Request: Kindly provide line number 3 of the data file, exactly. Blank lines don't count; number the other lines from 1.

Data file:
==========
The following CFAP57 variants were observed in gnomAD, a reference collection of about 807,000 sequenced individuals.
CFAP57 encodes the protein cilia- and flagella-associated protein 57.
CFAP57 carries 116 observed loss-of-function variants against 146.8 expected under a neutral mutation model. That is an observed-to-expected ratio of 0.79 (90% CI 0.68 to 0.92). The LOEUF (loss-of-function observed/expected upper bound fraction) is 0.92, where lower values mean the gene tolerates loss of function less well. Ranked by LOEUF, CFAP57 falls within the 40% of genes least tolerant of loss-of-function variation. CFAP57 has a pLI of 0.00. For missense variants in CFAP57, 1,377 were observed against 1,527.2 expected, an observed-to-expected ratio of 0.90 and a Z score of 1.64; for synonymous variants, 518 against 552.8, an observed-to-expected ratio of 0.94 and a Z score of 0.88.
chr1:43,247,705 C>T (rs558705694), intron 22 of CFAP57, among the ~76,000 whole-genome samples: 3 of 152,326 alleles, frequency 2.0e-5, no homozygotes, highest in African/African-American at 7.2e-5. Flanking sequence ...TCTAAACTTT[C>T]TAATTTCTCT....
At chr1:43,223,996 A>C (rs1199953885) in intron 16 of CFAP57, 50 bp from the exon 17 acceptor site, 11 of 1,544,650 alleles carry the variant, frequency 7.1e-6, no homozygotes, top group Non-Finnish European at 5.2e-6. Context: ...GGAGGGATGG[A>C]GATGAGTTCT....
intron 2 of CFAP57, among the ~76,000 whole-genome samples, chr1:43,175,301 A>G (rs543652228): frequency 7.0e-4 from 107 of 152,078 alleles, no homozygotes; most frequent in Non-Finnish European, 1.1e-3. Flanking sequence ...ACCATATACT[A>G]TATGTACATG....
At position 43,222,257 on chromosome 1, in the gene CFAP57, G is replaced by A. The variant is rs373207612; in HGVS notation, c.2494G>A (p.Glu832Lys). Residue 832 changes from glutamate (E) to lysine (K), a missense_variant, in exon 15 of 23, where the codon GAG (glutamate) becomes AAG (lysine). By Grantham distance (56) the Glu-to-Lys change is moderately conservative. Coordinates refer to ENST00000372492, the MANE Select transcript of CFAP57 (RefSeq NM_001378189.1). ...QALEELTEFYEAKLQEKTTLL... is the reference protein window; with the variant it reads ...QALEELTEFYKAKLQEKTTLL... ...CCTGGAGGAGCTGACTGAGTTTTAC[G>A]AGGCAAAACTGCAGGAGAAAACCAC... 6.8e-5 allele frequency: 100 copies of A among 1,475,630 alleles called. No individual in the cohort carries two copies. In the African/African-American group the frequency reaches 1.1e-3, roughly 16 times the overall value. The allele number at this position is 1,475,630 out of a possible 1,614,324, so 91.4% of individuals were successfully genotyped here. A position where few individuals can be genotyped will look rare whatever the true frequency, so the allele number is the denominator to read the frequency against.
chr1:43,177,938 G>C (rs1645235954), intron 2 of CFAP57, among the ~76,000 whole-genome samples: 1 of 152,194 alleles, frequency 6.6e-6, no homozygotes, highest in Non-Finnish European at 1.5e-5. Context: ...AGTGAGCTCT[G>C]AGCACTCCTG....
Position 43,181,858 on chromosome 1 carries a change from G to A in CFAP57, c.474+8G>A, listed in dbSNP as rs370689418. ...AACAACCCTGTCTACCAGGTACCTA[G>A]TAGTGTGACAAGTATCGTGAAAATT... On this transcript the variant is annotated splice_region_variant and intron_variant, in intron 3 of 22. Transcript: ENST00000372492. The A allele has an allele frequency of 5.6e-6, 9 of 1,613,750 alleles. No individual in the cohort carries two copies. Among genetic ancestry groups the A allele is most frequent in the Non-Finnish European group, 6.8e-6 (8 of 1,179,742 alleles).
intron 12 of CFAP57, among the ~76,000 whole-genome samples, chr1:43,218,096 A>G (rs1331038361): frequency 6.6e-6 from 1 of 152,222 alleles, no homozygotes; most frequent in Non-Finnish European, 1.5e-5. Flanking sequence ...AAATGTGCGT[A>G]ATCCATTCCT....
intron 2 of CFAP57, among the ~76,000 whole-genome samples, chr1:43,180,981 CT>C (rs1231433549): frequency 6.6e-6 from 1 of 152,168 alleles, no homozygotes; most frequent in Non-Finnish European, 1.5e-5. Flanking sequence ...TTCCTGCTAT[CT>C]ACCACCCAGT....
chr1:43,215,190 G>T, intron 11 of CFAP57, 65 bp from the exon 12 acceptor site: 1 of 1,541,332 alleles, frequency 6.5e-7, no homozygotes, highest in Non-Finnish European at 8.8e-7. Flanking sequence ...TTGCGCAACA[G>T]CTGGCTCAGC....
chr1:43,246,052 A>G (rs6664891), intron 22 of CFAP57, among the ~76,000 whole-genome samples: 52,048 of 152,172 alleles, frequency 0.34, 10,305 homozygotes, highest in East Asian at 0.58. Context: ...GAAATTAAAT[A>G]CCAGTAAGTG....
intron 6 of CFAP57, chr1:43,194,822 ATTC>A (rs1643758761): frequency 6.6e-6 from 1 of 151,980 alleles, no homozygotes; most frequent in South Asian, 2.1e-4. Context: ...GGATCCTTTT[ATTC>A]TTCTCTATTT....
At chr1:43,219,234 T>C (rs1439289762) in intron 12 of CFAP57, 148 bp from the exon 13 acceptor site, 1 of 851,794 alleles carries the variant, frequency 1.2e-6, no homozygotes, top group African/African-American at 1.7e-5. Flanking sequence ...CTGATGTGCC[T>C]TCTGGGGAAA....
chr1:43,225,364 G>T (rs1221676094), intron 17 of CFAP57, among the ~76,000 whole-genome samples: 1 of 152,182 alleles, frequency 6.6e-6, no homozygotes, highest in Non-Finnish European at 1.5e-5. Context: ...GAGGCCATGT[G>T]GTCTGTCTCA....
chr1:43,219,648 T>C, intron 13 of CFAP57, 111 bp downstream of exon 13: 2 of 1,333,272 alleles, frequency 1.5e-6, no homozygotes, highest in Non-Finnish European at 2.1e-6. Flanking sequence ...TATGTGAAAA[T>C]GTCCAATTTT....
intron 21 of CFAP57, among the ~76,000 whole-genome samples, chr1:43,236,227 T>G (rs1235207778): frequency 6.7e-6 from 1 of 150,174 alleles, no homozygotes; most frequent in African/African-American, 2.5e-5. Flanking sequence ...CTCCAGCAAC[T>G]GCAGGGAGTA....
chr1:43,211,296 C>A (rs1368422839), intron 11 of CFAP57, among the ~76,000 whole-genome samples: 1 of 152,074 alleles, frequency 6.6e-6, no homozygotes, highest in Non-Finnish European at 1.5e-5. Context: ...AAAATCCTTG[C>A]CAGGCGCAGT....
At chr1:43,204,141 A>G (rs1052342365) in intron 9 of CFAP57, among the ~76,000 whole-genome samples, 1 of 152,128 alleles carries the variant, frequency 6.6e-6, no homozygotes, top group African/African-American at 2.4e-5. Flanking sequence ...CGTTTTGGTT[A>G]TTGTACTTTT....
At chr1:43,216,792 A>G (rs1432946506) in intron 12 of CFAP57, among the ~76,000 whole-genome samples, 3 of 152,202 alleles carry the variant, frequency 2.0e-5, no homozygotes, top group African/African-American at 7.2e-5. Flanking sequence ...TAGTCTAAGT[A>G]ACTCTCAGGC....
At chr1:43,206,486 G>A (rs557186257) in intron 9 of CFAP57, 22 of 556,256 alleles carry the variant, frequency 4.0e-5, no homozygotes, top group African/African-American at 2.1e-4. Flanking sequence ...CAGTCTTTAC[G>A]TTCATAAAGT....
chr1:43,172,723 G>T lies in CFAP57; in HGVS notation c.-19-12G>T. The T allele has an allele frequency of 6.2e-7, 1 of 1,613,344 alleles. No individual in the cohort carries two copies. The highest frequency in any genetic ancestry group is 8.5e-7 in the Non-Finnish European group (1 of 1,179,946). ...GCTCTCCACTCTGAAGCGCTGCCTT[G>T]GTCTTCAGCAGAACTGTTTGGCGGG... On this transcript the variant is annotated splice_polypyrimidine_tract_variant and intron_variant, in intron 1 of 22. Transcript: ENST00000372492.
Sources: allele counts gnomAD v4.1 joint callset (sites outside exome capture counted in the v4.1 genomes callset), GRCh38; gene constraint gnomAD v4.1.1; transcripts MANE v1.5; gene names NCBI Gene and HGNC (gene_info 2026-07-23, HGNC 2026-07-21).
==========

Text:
CFAP57 carries 116 observed loss-of-function variants against 146.8 expected under a neutral mutation model. That is an observed-to-expected ratio of 0.79 (90% CI 0.68 to 0.92). The LOEUF (loss-of-function observed/expected upper bound fraction) is 0.92, where lower values mean the gene tolerates loss of function less well. Ranked by LOEUF, CFAP57 falls within the 40% of genes least tolerant of loss-of-function variation. CFAP57 has a pLI of 0.00. For missense variants in CFAP57, 1,377 were observed against 1,527.2 expected, an observed-to-expected ratio of 0.90 and a Z score of 1.64; for synonymous variants, 518 against 552.8, an observed-to-expected ratio of 0.94 and a Z score of 0.88.